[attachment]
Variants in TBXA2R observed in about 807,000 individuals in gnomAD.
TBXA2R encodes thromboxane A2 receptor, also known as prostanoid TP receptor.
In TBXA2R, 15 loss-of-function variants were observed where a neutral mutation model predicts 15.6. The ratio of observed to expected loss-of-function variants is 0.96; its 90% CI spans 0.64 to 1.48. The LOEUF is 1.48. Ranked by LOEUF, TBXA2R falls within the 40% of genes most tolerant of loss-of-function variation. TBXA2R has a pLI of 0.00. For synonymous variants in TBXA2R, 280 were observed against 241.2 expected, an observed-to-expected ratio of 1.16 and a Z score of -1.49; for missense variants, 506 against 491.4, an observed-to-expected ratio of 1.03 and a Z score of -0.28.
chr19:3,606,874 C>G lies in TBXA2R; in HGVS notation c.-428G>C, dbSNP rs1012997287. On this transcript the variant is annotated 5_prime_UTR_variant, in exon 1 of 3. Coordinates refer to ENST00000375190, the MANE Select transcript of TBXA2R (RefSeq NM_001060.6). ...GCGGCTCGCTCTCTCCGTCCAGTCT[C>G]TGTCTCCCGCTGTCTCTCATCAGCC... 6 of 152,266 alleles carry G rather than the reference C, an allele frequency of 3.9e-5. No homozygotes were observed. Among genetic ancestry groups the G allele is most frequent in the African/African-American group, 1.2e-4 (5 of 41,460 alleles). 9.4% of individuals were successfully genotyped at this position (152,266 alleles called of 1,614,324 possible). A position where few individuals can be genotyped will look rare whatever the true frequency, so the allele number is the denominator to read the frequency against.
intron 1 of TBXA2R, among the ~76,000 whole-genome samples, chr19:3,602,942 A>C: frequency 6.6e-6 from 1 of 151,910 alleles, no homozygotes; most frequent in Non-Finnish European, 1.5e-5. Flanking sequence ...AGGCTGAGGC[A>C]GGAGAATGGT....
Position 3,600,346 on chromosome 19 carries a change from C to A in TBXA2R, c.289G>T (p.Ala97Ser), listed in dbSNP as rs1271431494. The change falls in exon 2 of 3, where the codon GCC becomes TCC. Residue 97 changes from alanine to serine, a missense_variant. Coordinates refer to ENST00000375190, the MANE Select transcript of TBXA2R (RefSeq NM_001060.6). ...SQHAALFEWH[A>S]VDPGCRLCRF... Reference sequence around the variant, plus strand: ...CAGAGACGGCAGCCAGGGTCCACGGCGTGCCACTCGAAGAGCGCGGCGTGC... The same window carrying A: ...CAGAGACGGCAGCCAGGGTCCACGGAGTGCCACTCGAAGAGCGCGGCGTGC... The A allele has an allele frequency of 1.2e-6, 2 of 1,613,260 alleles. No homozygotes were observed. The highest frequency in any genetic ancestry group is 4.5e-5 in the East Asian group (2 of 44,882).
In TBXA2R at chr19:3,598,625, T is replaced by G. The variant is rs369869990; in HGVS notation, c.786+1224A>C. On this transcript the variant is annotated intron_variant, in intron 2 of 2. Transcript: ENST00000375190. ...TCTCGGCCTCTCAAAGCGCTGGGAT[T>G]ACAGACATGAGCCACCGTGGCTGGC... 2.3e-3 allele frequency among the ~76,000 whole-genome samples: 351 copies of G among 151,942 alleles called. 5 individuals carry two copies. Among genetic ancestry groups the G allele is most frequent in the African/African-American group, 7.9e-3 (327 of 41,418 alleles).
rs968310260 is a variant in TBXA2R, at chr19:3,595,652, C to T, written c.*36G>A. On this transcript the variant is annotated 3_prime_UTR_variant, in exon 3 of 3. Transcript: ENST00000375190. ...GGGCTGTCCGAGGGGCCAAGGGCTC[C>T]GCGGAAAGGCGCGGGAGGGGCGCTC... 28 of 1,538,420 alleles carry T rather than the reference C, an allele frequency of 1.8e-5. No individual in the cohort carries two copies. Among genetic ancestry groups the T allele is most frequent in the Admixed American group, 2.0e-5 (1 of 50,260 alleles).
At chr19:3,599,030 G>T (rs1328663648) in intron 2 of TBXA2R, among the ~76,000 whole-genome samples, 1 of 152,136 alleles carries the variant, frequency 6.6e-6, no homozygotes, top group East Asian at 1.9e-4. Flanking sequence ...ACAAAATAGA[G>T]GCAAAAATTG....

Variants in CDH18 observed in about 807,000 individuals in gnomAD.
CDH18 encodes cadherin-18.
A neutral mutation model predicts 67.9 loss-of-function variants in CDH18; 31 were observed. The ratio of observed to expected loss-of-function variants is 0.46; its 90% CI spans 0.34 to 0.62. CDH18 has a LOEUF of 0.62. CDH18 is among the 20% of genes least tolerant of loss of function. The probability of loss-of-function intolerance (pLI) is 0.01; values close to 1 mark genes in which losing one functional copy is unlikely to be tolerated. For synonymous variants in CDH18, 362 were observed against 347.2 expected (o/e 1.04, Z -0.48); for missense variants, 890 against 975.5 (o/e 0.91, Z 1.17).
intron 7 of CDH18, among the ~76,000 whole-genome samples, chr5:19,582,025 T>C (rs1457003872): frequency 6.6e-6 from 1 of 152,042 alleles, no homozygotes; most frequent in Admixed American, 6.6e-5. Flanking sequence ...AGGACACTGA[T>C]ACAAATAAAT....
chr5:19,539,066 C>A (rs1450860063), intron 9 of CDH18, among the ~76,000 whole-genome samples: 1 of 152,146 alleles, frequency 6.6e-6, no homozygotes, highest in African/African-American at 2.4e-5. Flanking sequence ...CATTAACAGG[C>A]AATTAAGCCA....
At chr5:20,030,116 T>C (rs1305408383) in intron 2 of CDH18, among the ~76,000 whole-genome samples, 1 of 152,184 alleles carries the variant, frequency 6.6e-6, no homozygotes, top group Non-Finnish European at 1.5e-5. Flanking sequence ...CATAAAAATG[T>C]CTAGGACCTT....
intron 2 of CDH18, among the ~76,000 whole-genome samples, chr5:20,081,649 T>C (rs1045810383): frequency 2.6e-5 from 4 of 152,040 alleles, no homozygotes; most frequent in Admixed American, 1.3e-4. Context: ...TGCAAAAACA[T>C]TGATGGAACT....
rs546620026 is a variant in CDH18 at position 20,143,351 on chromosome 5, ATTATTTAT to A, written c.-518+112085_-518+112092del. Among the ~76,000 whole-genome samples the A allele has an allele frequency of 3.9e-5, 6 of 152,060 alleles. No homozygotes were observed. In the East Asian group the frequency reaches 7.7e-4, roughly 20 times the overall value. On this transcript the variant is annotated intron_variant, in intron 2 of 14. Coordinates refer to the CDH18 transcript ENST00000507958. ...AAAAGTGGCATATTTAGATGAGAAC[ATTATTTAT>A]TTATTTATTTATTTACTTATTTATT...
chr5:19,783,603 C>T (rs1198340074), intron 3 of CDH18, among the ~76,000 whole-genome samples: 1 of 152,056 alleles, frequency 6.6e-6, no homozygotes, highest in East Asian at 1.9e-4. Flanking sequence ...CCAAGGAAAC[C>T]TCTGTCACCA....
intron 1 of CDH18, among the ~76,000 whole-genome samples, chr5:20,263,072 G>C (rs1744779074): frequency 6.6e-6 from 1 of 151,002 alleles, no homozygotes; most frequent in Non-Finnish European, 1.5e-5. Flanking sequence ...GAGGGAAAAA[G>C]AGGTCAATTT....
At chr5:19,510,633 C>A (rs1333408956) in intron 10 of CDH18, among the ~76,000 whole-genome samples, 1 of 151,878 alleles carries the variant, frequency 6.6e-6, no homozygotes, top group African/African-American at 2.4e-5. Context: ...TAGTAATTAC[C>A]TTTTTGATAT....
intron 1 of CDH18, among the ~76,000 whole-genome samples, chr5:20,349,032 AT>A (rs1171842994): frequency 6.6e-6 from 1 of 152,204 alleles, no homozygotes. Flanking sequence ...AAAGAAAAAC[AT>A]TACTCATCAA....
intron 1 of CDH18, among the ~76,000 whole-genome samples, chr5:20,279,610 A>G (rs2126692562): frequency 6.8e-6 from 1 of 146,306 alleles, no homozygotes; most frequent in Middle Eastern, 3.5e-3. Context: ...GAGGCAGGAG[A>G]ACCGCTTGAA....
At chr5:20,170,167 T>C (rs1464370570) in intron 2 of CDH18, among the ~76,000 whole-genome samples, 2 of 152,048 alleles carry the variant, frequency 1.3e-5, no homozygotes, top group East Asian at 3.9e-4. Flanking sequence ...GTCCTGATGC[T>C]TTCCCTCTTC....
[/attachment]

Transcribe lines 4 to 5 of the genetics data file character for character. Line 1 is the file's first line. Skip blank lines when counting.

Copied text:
chr19:3,606,874 C>G lies in TBXA2R; in HGVS notation c.-428G>C, dbSNP rs1012997287. On this transcript the variant is annotated 5_prime_UTR_variant, in exon 1 of 3. Coordinates refer to ENST00000375190, the MANE Select transcript of TBXA2R (RefSeq NM_001060.6). ...GCGGCTCGCTCTCTCCGTCCAGTCT[C>G]TGTCTCCCGCTGTCTCTCATCAGCC... 6 of 152,266 alleles carry G rather than the reference C, an allele frequency of 3.9e-5. No homozygotes were observed. Among genetic ancestry groups the G allele is most frequent in the African/African-American group, 1.2e-4 (5 of 41,460 alleles). 9.4% of individuals were successfully genotyped at this position (152,266 alleles called of 1,614,324 possible). A position where few individuals can be genotyped will look rare whatever the true frequency, so the allele number is the denominator to read the frequency against.
intron 1 of TBXA2R, among the ~76,000 whole-genome samples, chr19:3,602,942 A>C: frequency 6.6e-6 from 1 of 151,910 alleles, no homozygotes; most frequent in Non-Finnish European, 1.5e-5. Flanking sequence ...AGGCTGAGGC[A>C]GGAGAATGGT....